Church Has Led Way in Dealing with Sex Abuse Issue

By Robert P. Lockwood
Pittsburgh Catholic [United States]
January 12, 2006


The Catholic Church has done more perhaps than any other entity in this state and in this country in the previous 20 years to address the tragedy of sexual abuse. In fact, despite intense media scrutiny, most abuse cases that have received the widest notoriety are based on allegations of abuse 20, 30, 40 and even 50 years ago.

One rarely discussed fact in the issue of clergy sexual abuse is that because of actions taken by church leadership, such incidents of abuse have virtually disappeared since the early 1990s. Nationwide, there have been only a handful of accusations of abuse after 1993. Even when the Archdiocese of Boston was aggressively pursued by both the attorney general and local media in 2002, not one case of abuse could be found after 1993.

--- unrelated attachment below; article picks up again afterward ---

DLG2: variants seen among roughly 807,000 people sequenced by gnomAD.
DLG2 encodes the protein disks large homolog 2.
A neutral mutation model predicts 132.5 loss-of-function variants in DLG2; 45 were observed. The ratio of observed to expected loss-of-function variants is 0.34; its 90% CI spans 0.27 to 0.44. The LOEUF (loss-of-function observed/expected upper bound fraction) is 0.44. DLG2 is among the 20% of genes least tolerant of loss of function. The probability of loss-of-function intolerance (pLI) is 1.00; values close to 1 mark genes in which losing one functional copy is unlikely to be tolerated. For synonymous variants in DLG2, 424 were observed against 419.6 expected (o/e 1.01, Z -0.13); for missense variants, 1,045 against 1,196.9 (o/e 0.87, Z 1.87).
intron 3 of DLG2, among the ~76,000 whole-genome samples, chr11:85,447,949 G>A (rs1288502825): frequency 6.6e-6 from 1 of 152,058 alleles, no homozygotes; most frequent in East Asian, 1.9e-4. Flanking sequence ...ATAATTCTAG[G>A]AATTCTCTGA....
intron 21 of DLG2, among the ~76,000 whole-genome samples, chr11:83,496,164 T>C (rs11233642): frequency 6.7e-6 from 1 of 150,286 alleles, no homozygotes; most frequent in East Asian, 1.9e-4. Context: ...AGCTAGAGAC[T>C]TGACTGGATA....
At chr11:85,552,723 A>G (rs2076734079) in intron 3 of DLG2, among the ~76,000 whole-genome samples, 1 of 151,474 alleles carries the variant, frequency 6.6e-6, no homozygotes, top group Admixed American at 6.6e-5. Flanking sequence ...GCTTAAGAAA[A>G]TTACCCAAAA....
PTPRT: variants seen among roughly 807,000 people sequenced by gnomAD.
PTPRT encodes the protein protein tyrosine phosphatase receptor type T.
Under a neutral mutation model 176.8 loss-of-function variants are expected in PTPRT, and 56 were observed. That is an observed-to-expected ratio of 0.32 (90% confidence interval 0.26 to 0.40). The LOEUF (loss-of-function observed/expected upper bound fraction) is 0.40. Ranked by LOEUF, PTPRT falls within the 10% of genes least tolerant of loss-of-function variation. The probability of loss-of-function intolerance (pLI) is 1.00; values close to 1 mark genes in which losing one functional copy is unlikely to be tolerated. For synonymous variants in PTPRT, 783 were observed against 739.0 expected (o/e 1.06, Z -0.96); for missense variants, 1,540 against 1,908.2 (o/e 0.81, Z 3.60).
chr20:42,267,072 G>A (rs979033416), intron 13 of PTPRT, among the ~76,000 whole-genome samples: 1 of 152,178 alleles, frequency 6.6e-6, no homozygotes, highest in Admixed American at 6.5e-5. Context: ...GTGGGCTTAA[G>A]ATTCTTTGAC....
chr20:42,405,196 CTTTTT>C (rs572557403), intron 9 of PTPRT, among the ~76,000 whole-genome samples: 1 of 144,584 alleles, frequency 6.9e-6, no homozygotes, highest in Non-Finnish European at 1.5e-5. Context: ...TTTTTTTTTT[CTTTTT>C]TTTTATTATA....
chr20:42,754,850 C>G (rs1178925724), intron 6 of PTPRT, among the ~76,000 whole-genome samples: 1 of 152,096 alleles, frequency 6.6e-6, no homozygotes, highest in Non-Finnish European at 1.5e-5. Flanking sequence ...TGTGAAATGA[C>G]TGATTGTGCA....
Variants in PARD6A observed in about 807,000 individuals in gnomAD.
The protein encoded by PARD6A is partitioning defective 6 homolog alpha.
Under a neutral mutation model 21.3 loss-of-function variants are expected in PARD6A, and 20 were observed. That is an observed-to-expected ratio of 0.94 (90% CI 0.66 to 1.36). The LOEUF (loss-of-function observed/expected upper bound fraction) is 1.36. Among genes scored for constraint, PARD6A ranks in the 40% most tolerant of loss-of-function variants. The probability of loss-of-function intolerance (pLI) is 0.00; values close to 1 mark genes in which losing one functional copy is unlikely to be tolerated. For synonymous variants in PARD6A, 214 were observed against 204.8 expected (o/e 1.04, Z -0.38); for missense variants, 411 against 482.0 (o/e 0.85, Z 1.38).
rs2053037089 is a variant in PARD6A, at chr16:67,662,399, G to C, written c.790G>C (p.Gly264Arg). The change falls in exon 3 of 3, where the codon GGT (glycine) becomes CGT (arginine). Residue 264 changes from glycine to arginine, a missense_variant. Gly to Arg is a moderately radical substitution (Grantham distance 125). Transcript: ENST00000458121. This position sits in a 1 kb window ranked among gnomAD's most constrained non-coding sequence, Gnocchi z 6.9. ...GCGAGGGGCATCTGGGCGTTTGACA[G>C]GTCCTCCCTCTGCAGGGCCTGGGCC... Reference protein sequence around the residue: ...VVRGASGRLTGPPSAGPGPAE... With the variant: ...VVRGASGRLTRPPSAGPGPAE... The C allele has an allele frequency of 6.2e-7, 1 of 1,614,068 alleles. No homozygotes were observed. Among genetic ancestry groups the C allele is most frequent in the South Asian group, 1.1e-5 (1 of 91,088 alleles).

Many Catholic dioceses had written, enforced policies in place well before much of the country paid attention at all to the issue of the sexual abuse of children. While public schools were still quietly allowing abusers to move from one school system to the next, many Catholic dioceses had already adopted as policy that one substantiated, credible allegation of abuse meant removal from active ministry in parishes.

The Diocese of Pittsburgh has had written policies in place since 1985 for dealing with clergy sexual abuse of minors. Since the very beginning of his administration in 1988, Bishop Donald Wuerl established policies to ensure, in the words of Pope John Paul II, that "there is no place in the priesthood for those who would harm the young." Those policies and practices have been regularly and rigorously refined, updated and expanded to reflect best practices and recommendations as determined by those closely involved with this issue.